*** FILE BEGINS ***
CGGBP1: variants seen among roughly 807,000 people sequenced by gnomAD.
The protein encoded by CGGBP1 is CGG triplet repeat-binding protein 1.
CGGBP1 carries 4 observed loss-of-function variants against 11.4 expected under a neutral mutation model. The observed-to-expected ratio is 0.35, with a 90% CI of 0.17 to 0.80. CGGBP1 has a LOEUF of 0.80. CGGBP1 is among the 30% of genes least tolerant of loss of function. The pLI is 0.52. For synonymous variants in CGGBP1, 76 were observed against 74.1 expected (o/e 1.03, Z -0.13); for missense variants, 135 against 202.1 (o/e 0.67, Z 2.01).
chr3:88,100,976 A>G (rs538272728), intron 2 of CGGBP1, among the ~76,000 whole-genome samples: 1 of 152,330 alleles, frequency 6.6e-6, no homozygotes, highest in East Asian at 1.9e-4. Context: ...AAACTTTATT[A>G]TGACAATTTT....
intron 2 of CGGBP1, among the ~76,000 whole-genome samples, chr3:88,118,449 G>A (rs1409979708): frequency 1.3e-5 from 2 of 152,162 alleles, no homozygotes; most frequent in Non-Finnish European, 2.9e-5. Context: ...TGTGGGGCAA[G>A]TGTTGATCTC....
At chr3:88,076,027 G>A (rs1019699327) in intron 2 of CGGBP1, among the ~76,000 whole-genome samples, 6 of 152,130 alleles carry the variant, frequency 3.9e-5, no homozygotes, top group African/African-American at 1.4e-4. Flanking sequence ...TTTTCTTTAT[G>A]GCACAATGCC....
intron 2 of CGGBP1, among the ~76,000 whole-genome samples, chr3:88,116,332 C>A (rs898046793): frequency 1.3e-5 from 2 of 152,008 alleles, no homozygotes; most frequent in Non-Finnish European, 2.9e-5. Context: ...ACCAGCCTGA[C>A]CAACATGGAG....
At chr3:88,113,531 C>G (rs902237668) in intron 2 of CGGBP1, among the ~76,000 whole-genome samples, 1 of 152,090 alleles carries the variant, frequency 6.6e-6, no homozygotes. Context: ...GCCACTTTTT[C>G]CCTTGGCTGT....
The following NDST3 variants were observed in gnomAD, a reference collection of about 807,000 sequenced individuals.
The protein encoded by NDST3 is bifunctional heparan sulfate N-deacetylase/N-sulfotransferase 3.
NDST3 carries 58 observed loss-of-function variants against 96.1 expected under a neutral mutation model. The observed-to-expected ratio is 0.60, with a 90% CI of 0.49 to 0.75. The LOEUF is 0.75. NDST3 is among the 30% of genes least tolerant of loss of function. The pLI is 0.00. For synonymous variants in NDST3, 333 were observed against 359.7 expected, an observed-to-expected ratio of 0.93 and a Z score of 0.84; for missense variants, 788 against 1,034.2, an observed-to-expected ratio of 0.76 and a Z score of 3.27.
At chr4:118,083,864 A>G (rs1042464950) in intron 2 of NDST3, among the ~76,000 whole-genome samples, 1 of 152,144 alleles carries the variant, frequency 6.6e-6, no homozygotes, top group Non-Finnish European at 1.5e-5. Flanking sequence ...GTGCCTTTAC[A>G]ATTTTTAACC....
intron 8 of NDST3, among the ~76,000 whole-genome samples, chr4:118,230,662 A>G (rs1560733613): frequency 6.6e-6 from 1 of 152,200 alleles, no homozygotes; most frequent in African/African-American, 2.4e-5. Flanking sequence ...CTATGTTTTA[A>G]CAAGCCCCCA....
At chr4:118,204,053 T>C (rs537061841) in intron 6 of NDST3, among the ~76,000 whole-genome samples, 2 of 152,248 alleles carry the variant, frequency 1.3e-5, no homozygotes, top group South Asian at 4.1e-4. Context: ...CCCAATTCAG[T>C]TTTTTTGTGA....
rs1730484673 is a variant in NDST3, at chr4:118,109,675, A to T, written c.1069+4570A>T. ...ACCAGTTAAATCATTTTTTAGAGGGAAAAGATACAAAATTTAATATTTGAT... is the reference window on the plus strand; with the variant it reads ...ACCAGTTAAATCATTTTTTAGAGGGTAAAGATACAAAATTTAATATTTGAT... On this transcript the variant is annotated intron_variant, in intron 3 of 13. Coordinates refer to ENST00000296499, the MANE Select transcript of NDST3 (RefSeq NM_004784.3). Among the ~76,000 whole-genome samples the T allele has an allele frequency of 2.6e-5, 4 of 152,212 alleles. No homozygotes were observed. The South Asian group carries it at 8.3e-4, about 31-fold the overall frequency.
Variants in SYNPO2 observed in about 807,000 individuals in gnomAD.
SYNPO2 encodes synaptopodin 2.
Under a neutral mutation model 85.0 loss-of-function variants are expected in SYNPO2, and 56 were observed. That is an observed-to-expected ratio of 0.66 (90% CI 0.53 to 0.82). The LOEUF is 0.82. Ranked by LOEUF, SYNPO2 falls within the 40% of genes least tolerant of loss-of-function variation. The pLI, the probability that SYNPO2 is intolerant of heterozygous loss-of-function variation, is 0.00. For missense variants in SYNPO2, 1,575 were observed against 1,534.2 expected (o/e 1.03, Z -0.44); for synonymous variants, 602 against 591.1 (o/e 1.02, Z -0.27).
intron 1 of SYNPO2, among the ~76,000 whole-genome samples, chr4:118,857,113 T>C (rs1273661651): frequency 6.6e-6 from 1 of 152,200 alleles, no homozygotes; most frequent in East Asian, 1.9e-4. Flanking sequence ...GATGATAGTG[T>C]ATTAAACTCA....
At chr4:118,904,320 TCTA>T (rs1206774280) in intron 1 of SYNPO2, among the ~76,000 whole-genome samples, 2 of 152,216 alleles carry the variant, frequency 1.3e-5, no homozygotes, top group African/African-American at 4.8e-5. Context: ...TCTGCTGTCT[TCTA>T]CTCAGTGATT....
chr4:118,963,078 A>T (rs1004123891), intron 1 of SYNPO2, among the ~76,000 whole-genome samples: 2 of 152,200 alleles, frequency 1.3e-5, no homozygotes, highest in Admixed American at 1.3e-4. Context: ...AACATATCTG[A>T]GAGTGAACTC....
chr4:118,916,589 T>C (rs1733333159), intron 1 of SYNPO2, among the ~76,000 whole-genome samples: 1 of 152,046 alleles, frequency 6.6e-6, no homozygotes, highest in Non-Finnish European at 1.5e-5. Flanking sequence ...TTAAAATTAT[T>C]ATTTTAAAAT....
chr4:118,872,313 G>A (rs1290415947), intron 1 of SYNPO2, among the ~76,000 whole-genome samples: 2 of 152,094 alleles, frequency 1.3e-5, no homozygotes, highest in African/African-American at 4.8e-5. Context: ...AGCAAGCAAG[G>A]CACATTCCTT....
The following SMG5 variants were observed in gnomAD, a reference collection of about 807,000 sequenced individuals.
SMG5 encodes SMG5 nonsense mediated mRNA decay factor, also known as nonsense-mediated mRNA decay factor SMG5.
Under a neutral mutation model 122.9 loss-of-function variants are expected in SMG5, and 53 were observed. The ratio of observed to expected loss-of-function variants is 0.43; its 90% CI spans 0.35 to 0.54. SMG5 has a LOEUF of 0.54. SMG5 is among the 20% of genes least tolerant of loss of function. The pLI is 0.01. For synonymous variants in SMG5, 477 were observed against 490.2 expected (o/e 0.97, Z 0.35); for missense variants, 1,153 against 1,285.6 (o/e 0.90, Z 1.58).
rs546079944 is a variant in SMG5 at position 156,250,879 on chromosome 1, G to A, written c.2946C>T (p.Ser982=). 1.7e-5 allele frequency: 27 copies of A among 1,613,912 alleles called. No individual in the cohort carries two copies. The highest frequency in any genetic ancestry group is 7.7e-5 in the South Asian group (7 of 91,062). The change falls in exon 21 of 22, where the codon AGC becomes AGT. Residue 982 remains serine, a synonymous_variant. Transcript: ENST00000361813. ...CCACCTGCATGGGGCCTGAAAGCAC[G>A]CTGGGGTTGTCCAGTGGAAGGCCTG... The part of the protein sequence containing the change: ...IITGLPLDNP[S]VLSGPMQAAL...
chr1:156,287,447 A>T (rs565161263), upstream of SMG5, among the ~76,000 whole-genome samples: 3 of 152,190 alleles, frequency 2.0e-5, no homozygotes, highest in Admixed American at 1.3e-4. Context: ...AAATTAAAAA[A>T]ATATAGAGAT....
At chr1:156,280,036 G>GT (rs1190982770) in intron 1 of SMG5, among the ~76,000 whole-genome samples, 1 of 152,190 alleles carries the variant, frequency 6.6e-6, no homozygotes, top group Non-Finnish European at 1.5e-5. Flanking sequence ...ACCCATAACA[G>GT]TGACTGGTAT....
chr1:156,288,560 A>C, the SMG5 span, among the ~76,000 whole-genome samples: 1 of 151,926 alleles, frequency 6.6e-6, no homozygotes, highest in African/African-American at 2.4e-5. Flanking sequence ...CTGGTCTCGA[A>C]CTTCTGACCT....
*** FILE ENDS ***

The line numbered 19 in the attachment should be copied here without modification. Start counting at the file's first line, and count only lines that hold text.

intron 1 of SYNPO2, among the ~76,000 whole-genome samples, chr4:118,857,113 T>C (rs1273661651): frequency 6.6e-6 from 1 of 152,200 alleles, no homozygotes; most frequent in East Asian, 1.9e-4. Flanking sequence ...GATGATAGTG[T>C]ATTAAACTCA....